I haven’t been blogging much lately. I’m on deadline for a forthcoming book on strategic social media and, as it turns out, books are hard to write! holy moly. I thought I’d give you a little sneak peak at the ethics chapter. Would love your feedback, of course.
The demand from the public that organizations behave ethically is high. These demands are often articulated as a call for transparency. Organizational transparency is largely misunderstood, however, even by the people who are charged with delivering it.
Many communicators find that the dilemmas faced in social media tend to fall under the topic of disclosure. What and how much do you disclose?
Under the umbrella of disclosure, you’ll find a bevy of dilemmas with choices that don’t sit on either side of the bright line between right or wrong (note: there is no such line). Through the stories and cases of organizations that get caught in snarled situations, we can learn valuable lessons.
Internal dilemmas related to disclosure primarily often revolve around identification of the “who” behind the voice of the social media accounts. Whose byline is on the company blog? Who is answering questions on Twitter?
The answers to questions around internal disclosure aren’t always comfortable. Communication professionals have long penned everything from guest editorials to speeches to contributed articles (and everything in between) for executives. Why, some ask, would social media be any different?
But social media is different.
Let’s look specifically at one of the hottest disclosure topics – whether ghostblogging is appropriate . Ghostblogging is when the byline on a blog reads one name and the content is written by someone else. And that someone else is anonymous to the reader. A common example of this is that the blog is ostensibly written by the CEO, but in actually written by someone in marketing or public relations.
A CEO’s opinion about his or her company, industry trends and related issues are valuable. People like to hear from CEOs. But CEOs are busy running companies, aren’t usually “writers,” and don’t always have the nuanced understanding of the online community to whom he or she is speaking.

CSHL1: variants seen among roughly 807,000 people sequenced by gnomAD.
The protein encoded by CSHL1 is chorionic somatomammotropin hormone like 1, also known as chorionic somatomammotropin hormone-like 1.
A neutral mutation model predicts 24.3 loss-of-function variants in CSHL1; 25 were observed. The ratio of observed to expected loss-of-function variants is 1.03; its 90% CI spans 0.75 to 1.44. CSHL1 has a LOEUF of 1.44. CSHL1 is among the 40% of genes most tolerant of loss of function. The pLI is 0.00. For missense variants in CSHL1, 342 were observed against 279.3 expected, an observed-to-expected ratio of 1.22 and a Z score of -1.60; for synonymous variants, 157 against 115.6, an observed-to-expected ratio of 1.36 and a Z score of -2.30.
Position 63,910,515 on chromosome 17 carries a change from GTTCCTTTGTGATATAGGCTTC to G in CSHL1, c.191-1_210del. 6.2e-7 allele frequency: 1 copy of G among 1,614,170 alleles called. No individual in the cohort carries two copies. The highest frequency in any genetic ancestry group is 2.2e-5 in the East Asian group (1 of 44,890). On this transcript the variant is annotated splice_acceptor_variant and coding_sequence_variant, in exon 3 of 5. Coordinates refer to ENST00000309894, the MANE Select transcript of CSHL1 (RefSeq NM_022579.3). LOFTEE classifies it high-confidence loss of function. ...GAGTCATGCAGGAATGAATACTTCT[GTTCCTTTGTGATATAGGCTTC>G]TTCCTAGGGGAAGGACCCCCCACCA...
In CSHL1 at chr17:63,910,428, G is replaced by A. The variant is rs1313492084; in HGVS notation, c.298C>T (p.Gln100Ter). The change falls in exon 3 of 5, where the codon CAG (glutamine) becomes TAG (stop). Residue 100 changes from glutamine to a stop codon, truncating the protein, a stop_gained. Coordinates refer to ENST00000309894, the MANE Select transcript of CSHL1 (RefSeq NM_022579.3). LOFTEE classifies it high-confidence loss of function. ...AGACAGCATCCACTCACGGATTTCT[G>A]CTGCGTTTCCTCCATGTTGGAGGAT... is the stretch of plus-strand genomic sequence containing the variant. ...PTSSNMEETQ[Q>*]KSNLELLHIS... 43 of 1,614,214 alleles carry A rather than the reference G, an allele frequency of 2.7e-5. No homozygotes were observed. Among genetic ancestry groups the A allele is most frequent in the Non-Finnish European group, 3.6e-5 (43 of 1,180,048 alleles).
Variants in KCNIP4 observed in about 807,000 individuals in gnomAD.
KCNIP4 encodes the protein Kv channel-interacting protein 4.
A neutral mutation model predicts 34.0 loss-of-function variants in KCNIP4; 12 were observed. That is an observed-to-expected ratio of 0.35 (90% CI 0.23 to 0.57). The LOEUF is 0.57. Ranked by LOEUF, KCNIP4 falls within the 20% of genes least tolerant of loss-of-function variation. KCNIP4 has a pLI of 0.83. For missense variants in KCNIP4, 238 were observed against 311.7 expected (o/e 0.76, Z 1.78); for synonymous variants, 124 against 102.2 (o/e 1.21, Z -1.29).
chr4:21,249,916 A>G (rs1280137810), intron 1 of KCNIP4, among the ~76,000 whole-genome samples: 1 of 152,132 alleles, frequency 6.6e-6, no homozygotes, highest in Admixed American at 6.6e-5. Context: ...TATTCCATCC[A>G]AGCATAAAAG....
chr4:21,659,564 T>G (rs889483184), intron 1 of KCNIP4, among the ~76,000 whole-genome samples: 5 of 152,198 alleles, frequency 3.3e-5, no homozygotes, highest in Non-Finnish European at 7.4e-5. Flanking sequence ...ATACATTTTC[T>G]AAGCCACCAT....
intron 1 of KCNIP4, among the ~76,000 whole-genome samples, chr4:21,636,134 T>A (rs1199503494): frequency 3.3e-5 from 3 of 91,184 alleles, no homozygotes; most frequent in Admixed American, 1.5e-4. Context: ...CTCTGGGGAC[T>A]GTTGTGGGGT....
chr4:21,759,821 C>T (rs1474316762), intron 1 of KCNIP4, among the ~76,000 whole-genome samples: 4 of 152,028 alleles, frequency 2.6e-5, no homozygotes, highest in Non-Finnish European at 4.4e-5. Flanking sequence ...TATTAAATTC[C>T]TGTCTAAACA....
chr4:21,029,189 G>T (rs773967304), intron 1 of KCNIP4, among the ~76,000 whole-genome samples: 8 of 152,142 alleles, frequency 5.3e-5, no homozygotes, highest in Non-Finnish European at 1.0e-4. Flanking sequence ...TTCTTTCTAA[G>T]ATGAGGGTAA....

In a 2009 post, Dave Fleet, a public relations practitioner in Toronto, Ontario, offers that ghostblogging without disclosure is a “very, very bad idea.” We would call it a ethics violation. Fleet offers some alternate ideas for maintaining a blog when the CEO can’t be the primary blogger:
- Have a multi-author blog: reduce the workload on the executive by creating a team a bloggers cover issues across the organization.
- Maybe it’s not the executive, but someone else who has a unique view of the organization that should be the blogger (under his or her own name). A nice example of this is Coca-Cola’s blog written by the company historian .
- Disclose how the posts are developed. If the executive has help, reveal that. Language like, “I don’t write these posts, but I do read them and stand behind them” or “Written with Kelli Matthews.”
- Maybe a blog isn’t the answer. An executive may be more comfortable with video or microblogging. Remember that blogs are just one tool in the toolbox. Find the digital medium that fits the “author’s” style .
Disregarding the call for transparency, organizations that behave opaquely are the ones we tend to hear about. In fact, disclosure and transparency often go hand in hand – through disclosure, an organization can achieve transparency.